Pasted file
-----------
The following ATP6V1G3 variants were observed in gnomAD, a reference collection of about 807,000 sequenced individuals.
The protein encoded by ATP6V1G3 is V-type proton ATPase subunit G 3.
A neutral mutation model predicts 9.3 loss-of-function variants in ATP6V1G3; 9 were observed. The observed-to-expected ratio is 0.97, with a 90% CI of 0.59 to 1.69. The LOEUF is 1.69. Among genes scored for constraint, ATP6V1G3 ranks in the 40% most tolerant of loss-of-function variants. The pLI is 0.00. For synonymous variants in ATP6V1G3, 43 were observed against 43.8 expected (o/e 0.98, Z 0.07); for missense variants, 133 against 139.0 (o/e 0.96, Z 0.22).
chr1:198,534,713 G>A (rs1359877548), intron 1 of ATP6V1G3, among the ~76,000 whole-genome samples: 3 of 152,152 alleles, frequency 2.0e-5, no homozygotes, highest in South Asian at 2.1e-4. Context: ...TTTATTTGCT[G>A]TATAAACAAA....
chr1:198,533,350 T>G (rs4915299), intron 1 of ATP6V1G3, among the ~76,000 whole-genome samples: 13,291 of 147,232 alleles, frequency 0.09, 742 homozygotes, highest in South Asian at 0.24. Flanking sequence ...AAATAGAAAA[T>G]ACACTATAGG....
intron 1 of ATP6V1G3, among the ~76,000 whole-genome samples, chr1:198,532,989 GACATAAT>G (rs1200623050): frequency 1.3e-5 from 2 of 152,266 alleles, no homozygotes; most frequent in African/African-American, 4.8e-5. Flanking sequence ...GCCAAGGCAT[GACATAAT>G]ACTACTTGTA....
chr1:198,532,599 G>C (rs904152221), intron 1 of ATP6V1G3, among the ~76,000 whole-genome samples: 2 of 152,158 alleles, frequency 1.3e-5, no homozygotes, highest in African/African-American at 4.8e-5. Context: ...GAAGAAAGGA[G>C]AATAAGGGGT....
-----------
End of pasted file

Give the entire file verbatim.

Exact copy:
The following ATP6V1G3 variants were observed in gnomAD, a reference collection of about 807,000 sequenced individuals.
The protein encoded by ATP6V1G3 is V-type proton ATPase subunit G 3.
A neutral mutation model predicts 9.3 loss-of-function variants in ATP6V1G3; 9 were observed. The observed-to-expected ratio is 0.97, with a 90% CI of 0.59 to 1.69. The LOEUF is 1.69. Among genes scored for constraint, ATP6V1G3 ranks in the 40% most tolerant of loss-of-function variants. The pLI is 0.00. For synonymous variants in ATP6V1G3, 43 were observed against 43.8 expected (o/e 0.98, Z 0.07); for missense variants, 133 against 139.0 (o/e 0.96, Z 0.22).
chr1:198,534,713 G>A (rs1359877548), intron 1 of ATP6V1G3, among the ~76,000 whole-genome samples: 3 of 152,152 alleles, frequency 2.0e-5, no homozygotes, highest in South Asian at 2.1e-4. Context: ...TTTATTTGCT[G>A]TATAAACAAA....
chr1:198,533,350 T>G (rs4915299), intron 1 of ATP6V1G3, among the ~76,000 whole-genome samples: 13,291 of 147,232 alleles, frequency 0.09, 742 homozygotes, highest in South Asian at 0.24. Flanking sequence ...AAATAGAAAA[T>G]ACACTATAGG....
intron 1 of ATP6V1G3, among the ~76,000 whole-genome samples, chr1:198,532,989 GACATAAT>G (rs1200623050): frequency 1.3e-5 from 2 of 152,266 alleles, no homozygotes; most frequent in African/African-American, 4.8e-5. Flanking sequence ...GCCAAGGCAT[GACATAAT>G]ACTACTTGTA....
chr1:198,532,599 G>C (rs904152221), intron 1 of ATP6V1G3, among the ~76,000 whole-genome samples: 2 of 152,158 alleles, frequency 1.3e-5, no homozygotes, highest in African/African-American at 4.8e-5. Context: ...GAAGAAAGGA[G>C]AATAAGGGGT....